UWORD rt_MatchWord;
               /*  RTC_MATCHWORD = 0x4AFC  */
       struct Resident *rt_MatchTag;
       APTR  rt_EndSkip;
       UBYTE rt_Flags;
               /*  RTF_COLDSTART = 1
                   RTF_AUTOINIT  = 128 */
       UBYTE rt_Version;
       UBYTE rt_Type;
               /*  NT_DEVICE = 3 */
       BYTE  rt_Pri;
       char  *rt_Name;
       char  *rt_IdString;
       APTR  rt_Init;
   };

The first two fields are special, allowing the structure to be found during a ROM scan. They are the official 68000 "illegal instruction", opcode 0x4AFC, followed by a pointer to the instruction. The next field speeds up the ROM scan by pointing to the address at which the scan should continue, usually at the end of the area tagged by this RomTag.

The "rt_Version" field has the familiar version number, and the "rt_Type" field is NT_DEVICE for our application. The "rt_Pri" field, together with the "rt_Version" field, determines which of multiple modules with the same name will be accepted, should such a situation occur. The "rt_Name" and "rt_IdString" fields identify the module; they should be set to the device name and IdString as discussed earlier for a device node.

Things tagged by RomTags are referred to as "resident modules", and are initialized like this:

   InitResident(resident, segList)
                A1        D1

Here, "resident" points to the RomTag, and "segList" identifies the code associated with it (this is optional).

The InitResident() function first checks if the RTF_AUTOINIT flag is set in the RomTag. If it is not, it simply calls the routine pointed to by "rt_Init" with A0 containing the value passed as "segList", and returns.

If the RTF_AUTOINIT flag is set, then the function does all the device initialization work for you. In this case, "rt_Init" points to a data table of four longwords, containing these parameters for the "MakeLibrary" function:

   - dataSize
   - vectors
   - structure
   - init

InitResident calls the MakeLibrary function with these values, plus the obligatory "segList" parameter. Unless MakeLibrary() returns null, the new library node is now added to the appropriate system list, based on the "ln_Type" field in the node. If it is NT_DEVICE, the node is added to the device list, which is what we want.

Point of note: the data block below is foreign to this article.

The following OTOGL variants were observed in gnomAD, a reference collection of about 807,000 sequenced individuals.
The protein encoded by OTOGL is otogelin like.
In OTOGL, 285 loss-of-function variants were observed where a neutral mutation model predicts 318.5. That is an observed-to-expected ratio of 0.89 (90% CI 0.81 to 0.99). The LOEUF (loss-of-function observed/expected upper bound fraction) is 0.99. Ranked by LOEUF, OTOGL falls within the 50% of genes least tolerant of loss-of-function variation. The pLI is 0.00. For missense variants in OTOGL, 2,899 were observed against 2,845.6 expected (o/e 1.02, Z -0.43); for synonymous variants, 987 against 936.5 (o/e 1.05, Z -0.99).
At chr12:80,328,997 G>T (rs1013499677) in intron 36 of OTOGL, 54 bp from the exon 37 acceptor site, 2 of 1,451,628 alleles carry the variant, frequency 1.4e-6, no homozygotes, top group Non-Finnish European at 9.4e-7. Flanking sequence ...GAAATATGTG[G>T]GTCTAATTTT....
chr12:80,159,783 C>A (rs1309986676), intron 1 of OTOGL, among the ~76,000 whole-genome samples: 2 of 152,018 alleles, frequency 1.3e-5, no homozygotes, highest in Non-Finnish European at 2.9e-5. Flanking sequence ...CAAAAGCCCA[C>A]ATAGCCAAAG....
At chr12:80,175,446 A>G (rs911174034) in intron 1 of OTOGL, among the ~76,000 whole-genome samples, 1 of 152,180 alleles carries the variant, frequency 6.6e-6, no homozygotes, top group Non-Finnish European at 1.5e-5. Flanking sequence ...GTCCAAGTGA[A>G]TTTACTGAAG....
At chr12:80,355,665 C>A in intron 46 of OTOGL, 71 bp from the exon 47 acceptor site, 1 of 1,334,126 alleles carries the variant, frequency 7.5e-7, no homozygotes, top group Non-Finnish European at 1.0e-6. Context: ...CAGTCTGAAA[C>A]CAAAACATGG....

You should now have enough information to create a standard device header and initialization function, and to understand the one in Commodore's example device driver.


1.4. DEVICES IN ROM

Devices in ROM are found during a scan of the entire ROM for RomTag structures. This occurs at boot time. The RomTags which are found are added to the resident module list in ExecBase. All those whose RTF_COLDSTART flag is set are automatically started up with InitResident().

Modules can be "ramkicked" using a mechanism which I will not describe here. This causes them to survive a reset, be found in RAM, and be initialized along with the ROM modules at cold start time. This is how the RAD: bootable RAM disk works.


1.5. DEVICES ON DISK

Devices on disk reside in the DEVS: directory. They are standard object modules, and loaded with LoadSeg(). After they have been loaded, the first hunk of the seglist is scanned for a RomTag, and the device is initialized with an InitResident(). When building a disk resident device, be careful that the linker does not add a dummy hunk at the front of your code (old versions of BLINK do this), as this would cause your RomTag not to be found.


1.6. JUMP VECTOR CHECKSUMS

The "lib_Sum" field in the library structure can be used to hold a checksum of the jump vector, to guard against accidental or unauthorized modification. The "LIBF_SUMUSED" flag bit indicates that this should be done. The "LIBF_CHANGED" flag bit indicates that the jump vector has been modified and the checksum is invalid. The following function implements the mechanism:

   SumLibrary(library)
              A1

This does the following:

   IF the LIBF_SUMUSED flag is set THEN
       Forbid()
       IF the LIBF_CHANGED flag is set THEN
           Compute checksum and store in lib_Sum
           Clear the LIBF_CHANGED flag
       ELSE
           IF the lib_Sum field is zero THEN
               Compute checksum and store in lib_Sum
           ELSE
               Compute checksum
               IF checksum does not match lib_Sum THEN
                   Put up recoverable alert #81000003
                   Store new checksum in lib_Sum
               ENDIF
           ENDIF
       ENDIF
       Permit()
   ENDIF

Thus when creating a new device node, it is best to set the LIBF_SUMUSED and LIBF_CHANGED bits, so that the first call to SumLibrary() updates the checksum and future calls detect modifications to the jump vector.

The system sets the LIBF_CHANGED bit and calls SumLibrary() as part of the SetFunction() call to keep the checksum valid.


2. DEVICE I/O PROTOCOL


This section describes the interface to a device once it is loaded and initialized.


2.1. THE I/O REQUEST STRUCTURE